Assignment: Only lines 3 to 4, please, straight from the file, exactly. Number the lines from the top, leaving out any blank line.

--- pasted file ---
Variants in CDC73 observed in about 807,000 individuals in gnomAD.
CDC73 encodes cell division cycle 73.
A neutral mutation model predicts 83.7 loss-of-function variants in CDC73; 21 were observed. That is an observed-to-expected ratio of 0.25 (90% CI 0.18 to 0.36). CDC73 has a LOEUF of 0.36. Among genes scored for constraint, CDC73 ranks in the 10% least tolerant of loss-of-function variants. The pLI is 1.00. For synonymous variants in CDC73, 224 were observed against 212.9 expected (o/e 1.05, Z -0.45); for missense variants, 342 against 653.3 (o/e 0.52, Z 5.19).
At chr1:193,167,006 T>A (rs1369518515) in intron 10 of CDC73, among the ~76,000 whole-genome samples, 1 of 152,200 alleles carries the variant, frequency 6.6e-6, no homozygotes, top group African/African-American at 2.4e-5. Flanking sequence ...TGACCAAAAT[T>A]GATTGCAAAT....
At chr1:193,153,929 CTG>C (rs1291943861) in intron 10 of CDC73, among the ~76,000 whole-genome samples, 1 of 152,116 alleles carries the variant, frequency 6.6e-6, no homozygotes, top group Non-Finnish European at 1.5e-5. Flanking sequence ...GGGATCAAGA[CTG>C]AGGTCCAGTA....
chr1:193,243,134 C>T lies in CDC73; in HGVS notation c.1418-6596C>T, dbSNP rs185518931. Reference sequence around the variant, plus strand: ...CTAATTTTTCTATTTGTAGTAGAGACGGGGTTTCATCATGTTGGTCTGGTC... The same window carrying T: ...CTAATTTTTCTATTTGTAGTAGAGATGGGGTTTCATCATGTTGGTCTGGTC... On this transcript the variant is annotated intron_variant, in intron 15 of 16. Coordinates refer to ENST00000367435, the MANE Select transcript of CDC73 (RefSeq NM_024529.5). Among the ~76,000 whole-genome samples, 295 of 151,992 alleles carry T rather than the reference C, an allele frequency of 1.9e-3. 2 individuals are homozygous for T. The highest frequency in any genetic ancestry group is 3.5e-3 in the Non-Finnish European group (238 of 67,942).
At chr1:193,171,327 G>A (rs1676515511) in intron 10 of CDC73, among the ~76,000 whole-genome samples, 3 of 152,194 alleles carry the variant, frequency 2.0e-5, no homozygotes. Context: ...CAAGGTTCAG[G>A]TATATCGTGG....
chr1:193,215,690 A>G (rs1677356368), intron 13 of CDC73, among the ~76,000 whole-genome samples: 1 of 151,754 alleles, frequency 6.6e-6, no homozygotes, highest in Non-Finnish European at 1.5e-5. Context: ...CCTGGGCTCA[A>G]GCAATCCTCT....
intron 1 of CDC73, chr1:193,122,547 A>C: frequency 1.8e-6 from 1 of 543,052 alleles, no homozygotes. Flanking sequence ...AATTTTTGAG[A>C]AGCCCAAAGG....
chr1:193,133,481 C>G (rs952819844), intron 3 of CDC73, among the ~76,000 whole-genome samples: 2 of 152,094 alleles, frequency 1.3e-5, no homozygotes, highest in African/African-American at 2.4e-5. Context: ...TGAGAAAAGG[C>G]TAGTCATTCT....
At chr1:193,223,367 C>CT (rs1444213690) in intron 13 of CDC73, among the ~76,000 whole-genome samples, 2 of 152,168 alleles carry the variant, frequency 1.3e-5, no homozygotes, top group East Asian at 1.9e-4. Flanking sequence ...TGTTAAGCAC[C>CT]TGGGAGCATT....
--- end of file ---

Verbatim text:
A neutral mutation model predicts 83.7 loss-of-function variants in CDC73; 21 were observed. That is an observed-to-expected ratio of 0.25 (90% CI 0.18 to 0.36). CDC73 has a LOEUF of 0.36. Among genes scored for constraint, CDC73 ranks in the 10% least tolerant of loss-of-function variants. The pLI is 1.00. For synonymous variants in CDC73, 224 were observed against 212.9 expected (o/e 1.05, Z -0.45); for missense variants, 342 against 653.3 (o/e 0.52, Z 5.19).
At chr1:193,167,006 T>A (rs1369518515) in intron 10 of CDC73, among the ~76,000 whole-genome samples, 1 of 152,200 alleles carries the variant, frequency 6.6e-6, no homozygotes, top group African/African-American at 2.4e-5. Flanking sequence ...TGACCAAAAT[T>A]GATTGCAAAT....